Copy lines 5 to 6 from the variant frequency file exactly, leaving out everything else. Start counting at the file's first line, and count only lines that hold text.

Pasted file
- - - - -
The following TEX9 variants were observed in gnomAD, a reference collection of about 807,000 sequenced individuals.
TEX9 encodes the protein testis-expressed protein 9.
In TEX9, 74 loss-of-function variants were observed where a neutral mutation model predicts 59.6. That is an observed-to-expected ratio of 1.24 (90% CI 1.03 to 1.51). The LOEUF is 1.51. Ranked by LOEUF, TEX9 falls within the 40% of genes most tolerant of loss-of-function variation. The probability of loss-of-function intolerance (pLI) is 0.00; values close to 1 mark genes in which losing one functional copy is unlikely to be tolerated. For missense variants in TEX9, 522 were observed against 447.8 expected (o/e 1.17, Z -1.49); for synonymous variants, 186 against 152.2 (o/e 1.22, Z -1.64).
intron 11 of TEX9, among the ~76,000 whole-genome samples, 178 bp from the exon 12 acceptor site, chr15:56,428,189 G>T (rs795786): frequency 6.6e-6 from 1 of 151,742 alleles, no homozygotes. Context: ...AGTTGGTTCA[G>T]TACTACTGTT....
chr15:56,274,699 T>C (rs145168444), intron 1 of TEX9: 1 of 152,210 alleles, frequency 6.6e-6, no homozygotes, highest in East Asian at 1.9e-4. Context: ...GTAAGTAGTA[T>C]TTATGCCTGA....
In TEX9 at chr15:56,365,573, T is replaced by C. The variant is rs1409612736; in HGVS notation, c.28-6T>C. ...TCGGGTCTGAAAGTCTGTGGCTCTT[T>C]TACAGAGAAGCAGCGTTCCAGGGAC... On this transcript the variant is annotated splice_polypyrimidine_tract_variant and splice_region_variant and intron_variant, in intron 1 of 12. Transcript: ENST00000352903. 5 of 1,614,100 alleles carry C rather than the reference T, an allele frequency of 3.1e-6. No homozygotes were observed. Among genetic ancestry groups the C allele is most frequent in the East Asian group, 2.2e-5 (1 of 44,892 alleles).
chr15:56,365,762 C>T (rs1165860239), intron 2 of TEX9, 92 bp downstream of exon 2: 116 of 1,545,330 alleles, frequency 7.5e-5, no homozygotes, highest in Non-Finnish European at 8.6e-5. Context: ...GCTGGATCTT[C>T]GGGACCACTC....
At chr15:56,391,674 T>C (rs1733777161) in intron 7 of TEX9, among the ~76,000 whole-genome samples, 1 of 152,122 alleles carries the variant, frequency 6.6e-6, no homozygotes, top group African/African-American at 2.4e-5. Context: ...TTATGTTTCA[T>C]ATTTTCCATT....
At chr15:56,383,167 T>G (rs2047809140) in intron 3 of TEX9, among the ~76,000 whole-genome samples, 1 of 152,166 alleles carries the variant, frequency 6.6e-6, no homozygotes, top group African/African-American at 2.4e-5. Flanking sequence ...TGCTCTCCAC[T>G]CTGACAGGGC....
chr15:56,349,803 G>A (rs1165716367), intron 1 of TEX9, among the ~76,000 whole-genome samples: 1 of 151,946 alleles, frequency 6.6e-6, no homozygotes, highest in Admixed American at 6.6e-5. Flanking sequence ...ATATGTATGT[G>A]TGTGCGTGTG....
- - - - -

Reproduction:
chr15:56,274,699 T>C (rs145168444), intron 1 of TEX9: 1 of 152,210 alleles, frequency 6.6e-6, no homozygotes, highest in East Asian at 1.9e-4. Context: ...GTAAGTAGTA[T>C]TTATGCCTGA....
In TEX9 at chr15:56,365,573, T is replaced by C. The variant is rs1409612736; in HGVS notation, c.28-6T>C. ...TCGGGTCTGAAAGTCTGTGGCTCTT[T>C]TACAGAGAAGCAGCGTTCCAGGGAC... On this transcript the variant is annotated splice_polypyrimidine_tract_variant and splice_region_variant and intron_variant, in intron 1 of 12. Transcript: ENST00000352903. 5 of 1,614,100 alleles carry C rather than the reference T, an allele frequency of 3.1e-6. No homozygotes were observed. Among genetic ancestry groups the C allele is most frequent in the East Asian group, 2.2e-5 (1 of 44,892 alleles).